Belgium coach warns players to start for club
Belgium coach Marc Wilmots has a clear warning for his players after two stunning home losses in a week: Make sure you play regularly for your club, or miss out on the World Cup.
After Japan outran and outwitted Belgium for a 3-2 victory in a friendly late Tuesday, Wilmots believed a lack of match fitness among some regular starters contributed.
Kevin De Bruyne was outstanding for the Red Devils during their qualifying campaign, but has been a shadow of his former self since Chelsea coach Jose Mourinho sidelined him for English Premier League games.
''We first have to settle the problem that players play for their club,'' Wilmots said.
Among Belgium's best players, Daniel Van Buyten is often on the bench for Bayern Munich, Toby Alderweireld is not a regular at Atletico Madrid, and neither are Moussa Dembele at Tottenham or Thomas Vermaelen at Arsenal.
That is why Wilmots is already eagerly looking at the winter transfer window to see where some of his best men might end up. ''December and January will be important even though I have little impact on it,'' he said.
In theory, Belgium could be better off with players who perform regularly at low-level clubs than stars who are warming the benches of big clubs.
''We will be dependent on the choice of players, who have to play for their club to get match rhythm,'' Wilmots said. ''Otherwise life would be too good to be true.''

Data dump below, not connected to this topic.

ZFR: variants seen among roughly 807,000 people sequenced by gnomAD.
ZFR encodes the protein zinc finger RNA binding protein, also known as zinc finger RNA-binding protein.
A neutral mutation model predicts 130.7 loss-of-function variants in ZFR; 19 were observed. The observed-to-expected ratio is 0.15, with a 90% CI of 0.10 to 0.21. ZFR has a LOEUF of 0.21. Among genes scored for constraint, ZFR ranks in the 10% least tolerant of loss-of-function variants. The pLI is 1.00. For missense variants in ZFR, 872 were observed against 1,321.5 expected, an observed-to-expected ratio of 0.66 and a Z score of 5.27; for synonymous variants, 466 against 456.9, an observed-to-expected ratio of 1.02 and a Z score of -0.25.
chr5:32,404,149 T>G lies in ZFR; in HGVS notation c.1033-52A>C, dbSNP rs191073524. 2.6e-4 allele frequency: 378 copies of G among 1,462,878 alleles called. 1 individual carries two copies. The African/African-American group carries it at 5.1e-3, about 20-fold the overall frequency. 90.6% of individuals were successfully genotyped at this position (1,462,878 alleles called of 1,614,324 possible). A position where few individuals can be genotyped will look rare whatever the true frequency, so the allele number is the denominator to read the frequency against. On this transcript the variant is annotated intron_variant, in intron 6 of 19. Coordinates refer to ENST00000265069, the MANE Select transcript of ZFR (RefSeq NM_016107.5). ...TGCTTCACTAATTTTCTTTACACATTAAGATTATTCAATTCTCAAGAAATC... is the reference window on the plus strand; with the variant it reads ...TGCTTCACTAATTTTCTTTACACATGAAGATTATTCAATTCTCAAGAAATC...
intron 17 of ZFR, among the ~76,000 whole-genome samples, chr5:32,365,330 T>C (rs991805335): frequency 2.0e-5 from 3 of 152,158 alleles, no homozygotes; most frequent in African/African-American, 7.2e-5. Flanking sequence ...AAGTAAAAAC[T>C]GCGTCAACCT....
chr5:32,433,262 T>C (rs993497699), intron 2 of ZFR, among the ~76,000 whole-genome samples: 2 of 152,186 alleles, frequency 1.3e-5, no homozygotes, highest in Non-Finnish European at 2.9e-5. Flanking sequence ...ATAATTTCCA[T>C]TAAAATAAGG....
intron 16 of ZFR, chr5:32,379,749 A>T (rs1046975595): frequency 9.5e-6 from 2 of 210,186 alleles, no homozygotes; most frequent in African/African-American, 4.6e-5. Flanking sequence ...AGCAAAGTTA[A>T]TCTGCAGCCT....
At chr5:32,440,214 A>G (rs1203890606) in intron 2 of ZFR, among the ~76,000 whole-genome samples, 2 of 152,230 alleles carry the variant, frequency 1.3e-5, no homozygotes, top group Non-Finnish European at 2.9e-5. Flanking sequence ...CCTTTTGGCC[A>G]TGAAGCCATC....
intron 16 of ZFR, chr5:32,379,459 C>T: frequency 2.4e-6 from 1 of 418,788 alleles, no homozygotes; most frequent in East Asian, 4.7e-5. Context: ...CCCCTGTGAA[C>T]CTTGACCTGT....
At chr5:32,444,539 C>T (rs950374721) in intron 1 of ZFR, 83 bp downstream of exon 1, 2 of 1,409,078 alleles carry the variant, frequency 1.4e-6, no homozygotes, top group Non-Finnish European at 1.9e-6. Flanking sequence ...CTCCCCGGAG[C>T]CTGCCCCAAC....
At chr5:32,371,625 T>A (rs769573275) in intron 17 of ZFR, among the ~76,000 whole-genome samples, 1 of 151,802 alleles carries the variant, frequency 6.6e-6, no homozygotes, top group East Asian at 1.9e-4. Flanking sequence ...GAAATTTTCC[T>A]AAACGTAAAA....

With Alderweireld, Van Buyten, Vermaelen and Dembele starting against Japan, Belgium too often looked slow in defense and could not match the agility of the Japanese, many of whom play for lower clubs in big leagues or in the J-League.
If the problem was less evident in a 2-0 loss to Colombia last Thursday, it stood out five days later.
''The rhythm of a couple of players that no longer play (regularly) - with two matches in five days that is immediately obvious,'' Wilmots said.
During a sterling qualifying campaign, Belgium rose to No. 5 in the FIFA rankings but after the two losses, it risks falling outside the top 10.
''We have quality, but quality needs match rhythm. You need matches, minutes of play,'' Wilmots said. ''If you don't play, and sit in the stands, it becomes difficult.''
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